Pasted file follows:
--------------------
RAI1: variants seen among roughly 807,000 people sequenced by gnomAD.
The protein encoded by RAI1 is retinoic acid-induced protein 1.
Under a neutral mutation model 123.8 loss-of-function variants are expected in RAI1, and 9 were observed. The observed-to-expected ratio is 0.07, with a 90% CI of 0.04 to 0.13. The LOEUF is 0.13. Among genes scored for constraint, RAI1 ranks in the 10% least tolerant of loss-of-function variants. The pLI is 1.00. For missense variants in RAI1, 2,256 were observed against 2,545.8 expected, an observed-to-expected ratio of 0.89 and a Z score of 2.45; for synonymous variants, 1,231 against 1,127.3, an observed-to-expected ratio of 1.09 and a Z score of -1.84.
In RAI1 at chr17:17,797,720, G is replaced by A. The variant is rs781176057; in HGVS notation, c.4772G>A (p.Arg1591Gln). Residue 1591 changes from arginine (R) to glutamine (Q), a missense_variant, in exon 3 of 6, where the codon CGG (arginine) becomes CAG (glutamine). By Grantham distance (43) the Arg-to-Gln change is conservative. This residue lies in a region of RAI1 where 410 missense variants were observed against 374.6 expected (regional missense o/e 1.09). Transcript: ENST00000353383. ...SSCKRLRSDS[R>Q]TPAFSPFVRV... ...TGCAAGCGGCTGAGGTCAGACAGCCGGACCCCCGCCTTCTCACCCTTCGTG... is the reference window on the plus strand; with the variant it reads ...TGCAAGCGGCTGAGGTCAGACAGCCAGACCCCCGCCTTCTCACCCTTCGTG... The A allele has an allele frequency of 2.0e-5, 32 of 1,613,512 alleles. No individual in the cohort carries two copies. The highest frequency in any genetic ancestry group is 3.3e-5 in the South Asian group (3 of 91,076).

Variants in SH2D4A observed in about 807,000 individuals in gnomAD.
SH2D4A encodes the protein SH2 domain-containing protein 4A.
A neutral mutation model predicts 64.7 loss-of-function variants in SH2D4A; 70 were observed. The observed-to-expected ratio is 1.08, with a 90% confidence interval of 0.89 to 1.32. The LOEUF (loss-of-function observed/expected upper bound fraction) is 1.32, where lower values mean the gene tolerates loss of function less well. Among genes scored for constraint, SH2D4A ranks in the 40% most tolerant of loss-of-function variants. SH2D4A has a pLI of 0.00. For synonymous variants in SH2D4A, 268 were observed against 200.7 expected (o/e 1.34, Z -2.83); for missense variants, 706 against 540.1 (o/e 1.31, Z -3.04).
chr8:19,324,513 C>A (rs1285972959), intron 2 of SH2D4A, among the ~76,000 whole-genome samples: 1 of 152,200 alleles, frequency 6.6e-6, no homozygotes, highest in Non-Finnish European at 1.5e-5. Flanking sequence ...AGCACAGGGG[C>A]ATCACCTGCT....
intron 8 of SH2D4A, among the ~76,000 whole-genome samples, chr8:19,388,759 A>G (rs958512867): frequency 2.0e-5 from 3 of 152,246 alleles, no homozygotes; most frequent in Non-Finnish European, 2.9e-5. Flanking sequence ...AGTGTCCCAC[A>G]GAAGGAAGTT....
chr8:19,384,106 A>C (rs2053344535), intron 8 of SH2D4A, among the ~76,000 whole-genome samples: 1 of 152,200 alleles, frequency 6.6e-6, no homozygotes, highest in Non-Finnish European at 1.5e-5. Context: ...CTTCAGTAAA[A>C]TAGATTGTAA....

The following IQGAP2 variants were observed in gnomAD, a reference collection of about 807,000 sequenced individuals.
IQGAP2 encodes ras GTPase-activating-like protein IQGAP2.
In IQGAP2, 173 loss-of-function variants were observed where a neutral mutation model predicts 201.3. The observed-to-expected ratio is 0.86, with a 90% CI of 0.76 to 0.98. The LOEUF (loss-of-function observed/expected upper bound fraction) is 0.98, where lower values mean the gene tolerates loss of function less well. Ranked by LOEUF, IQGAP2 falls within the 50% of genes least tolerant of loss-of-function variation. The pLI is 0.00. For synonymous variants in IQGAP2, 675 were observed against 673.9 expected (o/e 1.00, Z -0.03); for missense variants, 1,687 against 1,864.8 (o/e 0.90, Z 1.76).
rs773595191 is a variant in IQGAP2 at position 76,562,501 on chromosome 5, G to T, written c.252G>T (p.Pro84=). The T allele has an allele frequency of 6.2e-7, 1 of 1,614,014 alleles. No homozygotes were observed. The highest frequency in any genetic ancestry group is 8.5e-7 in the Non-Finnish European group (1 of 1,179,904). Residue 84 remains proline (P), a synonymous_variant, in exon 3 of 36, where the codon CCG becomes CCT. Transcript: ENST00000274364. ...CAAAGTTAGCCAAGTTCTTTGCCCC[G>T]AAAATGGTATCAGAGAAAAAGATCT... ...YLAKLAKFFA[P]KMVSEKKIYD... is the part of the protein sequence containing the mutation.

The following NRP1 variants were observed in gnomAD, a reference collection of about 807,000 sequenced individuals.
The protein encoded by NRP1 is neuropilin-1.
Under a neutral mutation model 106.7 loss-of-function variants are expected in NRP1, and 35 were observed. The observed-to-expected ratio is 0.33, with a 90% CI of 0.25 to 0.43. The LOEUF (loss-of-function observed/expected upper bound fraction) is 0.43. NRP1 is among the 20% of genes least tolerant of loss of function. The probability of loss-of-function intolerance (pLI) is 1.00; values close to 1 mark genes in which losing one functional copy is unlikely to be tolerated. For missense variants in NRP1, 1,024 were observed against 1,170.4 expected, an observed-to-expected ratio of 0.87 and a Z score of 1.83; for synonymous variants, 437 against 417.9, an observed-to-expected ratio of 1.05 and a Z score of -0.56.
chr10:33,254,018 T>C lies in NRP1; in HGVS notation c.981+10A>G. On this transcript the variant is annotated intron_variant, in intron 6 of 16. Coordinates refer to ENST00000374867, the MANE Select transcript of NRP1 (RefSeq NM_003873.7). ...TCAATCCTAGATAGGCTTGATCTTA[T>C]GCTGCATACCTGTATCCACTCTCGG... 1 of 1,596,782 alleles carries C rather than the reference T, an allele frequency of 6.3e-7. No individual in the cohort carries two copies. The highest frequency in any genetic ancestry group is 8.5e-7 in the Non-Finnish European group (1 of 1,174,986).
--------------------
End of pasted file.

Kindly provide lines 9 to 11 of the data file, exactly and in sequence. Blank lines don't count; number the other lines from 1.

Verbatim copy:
intron 8 of SH2D4A, among the ~76,000 whole-genome samples, chr8:19,388,759 A>G (rs958512867): frequency 2.0e-5 from 3 of 152,246 alleles, no homozygotes; most frequent in Non-Finnish European, 2.9e-5. Flanking sequence ...AGTGTCCCAC[A>G]GAAGGAAGTT....
chr8:19,384,106 A>C (rs2053344535), intron 8 of SH2D4A, among the ~76,000 whole-genome samples: 1 of 152,200 alleles, frequency 6.6e-6, no homozygotes, highest in Non-Finnish European at 1.5e-5. Context: ...CTTCAGTAAA[A>C]TAGATTGTAA....

The following IQGAP2 variants were observed in gnomAD, a reference collection of about 807,000 sequenced individuals.